With all of its paperwork on file, the latest member of Dassault Aviation’s Falcon family is ready for its official blessing.
Dassault CEO Éric Trappier announced on Monday at the European Business Aviation Conference and Expo that the Falcon 6X program is entering its final phase. “The Falcon 6X has successfully completed its flight test campaign,” said Trappier. “We have submitted all documentation to certification authorities and expect a type certificate to be granted by EASA (European Union Aviation Safety Agency) in the coming weeks, paving the way for entry into service.”
Along with the test program, the first 6X full flight simulator is ready to train its initial pilot type rating class, and Paris-headquartered Dassault’s maintenance, repair and overhaul (MRO) network stands ready to support the model’s entry into service with parts and customer teams in place.
Falcon 10X Progress
Dassault’s largest model, the 10X, continues its development pace. “Testing of systems has begun, employing multiple test benches—in Istres, Merignac and Saint Cloud (in France),” said Trappier, inviting those attending EBACE to visit the full-scale, modular 10X mockup on display at the show.
READ MORE: Dassault Aviation Rolls Out SAF Program At Little Rock Plant
The powerplant for the new large-cabin model—the Rolls-Royce Pearl 10X—also proceeds in development. “Test results from the aircraft’s Rolls-Royce Pearl 10X engine have also been extremely positive,” said Trappier. “We should have a powerplant installed on a flying test bench later this year. This engine is designed to be 100 percent SAF-capable.”
Trappier also mentioned updates available for the Falcon Xs already flying: “The latest generation of our EASy flight deck, EASy IV, is now available as an upgrade on the Falcon 7X and 8X fleet. And it comes standard with new 8X and 6X aircraft.”
Acknowledging Service Woes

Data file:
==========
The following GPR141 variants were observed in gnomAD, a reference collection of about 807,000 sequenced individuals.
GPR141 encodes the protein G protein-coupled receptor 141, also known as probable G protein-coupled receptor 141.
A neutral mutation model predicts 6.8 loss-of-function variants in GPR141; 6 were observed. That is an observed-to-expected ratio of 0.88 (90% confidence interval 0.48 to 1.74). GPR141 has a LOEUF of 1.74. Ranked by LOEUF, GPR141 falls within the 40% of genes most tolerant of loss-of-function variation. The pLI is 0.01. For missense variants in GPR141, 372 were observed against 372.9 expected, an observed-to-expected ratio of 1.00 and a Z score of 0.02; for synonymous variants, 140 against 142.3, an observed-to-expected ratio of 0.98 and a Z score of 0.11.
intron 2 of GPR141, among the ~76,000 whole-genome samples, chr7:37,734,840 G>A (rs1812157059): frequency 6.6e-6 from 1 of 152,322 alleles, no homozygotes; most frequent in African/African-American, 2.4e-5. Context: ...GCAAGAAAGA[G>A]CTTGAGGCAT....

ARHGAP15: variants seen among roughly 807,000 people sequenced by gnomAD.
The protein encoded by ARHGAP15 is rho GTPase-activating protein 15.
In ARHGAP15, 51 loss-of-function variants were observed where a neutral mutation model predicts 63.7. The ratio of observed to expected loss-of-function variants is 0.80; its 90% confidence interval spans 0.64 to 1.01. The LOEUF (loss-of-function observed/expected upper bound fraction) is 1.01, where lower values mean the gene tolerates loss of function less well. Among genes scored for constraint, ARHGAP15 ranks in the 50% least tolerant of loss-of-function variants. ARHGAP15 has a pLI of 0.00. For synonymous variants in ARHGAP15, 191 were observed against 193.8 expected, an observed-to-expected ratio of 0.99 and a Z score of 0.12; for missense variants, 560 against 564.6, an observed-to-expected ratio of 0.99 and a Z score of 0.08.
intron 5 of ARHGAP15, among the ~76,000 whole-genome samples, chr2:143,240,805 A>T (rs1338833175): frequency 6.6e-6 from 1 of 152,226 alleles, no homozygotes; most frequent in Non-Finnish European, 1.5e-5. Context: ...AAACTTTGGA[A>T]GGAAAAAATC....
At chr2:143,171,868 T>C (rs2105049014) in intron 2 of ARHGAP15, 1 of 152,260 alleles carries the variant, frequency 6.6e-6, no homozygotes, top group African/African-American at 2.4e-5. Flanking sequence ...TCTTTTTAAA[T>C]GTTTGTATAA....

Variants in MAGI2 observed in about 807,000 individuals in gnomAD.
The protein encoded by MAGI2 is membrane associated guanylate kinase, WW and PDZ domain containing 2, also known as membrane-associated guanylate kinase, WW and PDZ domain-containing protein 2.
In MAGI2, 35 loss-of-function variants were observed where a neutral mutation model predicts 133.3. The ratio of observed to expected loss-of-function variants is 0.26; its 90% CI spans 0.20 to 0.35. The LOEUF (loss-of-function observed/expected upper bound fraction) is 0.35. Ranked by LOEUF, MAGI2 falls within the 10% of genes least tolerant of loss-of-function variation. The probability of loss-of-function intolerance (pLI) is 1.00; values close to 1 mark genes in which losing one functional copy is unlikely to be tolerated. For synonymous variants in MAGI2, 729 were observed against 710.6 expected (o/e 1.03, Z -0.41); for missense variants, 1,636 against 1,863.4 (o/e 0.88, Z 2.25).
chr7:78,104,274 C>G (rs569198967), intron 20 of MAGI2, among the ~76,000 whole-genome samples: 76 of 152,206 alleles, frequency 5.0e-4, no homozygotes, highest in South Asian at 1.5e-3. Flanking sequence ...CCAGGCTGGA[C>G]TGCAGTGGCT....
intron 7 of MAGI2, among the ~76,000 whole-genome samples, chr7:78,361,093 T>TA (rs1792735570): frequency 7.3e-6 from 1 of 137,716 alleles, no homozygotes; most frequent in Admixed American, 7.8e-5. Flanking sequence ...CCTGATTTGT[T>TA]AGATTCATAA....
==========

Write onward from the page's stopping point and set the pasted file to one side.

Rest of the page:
Dassault’s move to upgrade its customer support network stumbled last year as it “struggled” to integrate new ESP software designed to improve spares management. “We committed to having this issue resolved by the first quarter of this year—and I am happy to report that this goal has been achieved,” said Trappier.
But supply chain constraints have continued to hit this sector of its business as well. “Now, however, we find ourselves in the reverse situation: the software is working well, but spares are more difficult to obtain. Admittedly, the impact on our customers is the same, but I can assure you that we are working hard to find a solution for each case—doing whatever it takes.”
New service facilities will open soon in Dubai (this month), Malaysia (2024), and Melbourne, Florida (early 2025)—bringing coverage to 40 factory service centers and 21 authorized facilities.
SAF Update, FalconWays
The implementation of sustainable aviation fuel (SAF) remains one of the best ways for the industry to combat the “business jet bashing” so prevalent in the general media. In the near term, Dassault is focused on this strategy.
“Dassault now offers SAF at our flagship FBO at Le Bourget and at our completion and service center in Little Rock, Arkansas,” said Trappier. “All our flights are performed with a blend of 30 percent SAF, which exceeds by far the requirements of the European Union ReFuel initiative. Our customers are also using SAF, where it’s available.”
The company is also doubling down on its reputation for efficient platforms with a new digital flight management tool, named FalconWays.
“FalconWays uses a worldwide database of wind patterns to identify routes that optimize fuel consumption,” said Trappier. “The farther the mission, the more savings possible. In real-world testing, we have found we could reduce emissions by a significant percentage.”
Trappier closed the press conference with his position on the best path for decarbonization of the industry, in the face of movement within the EU to define which industries are “green” and worthy of supporting.
“Currently, the taxonomy process being discussed by the European Commission is attempting to determine which industries are green and can be considered sustainable investments,” he said. “Additional taxonomy incentives could help serve as a basis for decarbonizing the whole aviation industry. Unfortunately, at this stage, business aviation has been excluded from the process. My personal opinion is that this is patently unfair, politicized, and simply unsupported by the facts.
“Business aviation renders immense services to the global economy and is leading the way in adopting green strategies, like the use of SAF. Excluding business aviation sends the wrong message and may exclude it from decarbonization in Europe, with significant impacts on operators, MROs, and airports alike.
“I can’t overstress the seriousness of the environmental issue and encourage everyone in our industry to show solidarity and work towards making every initiative available part of the overall solution.”
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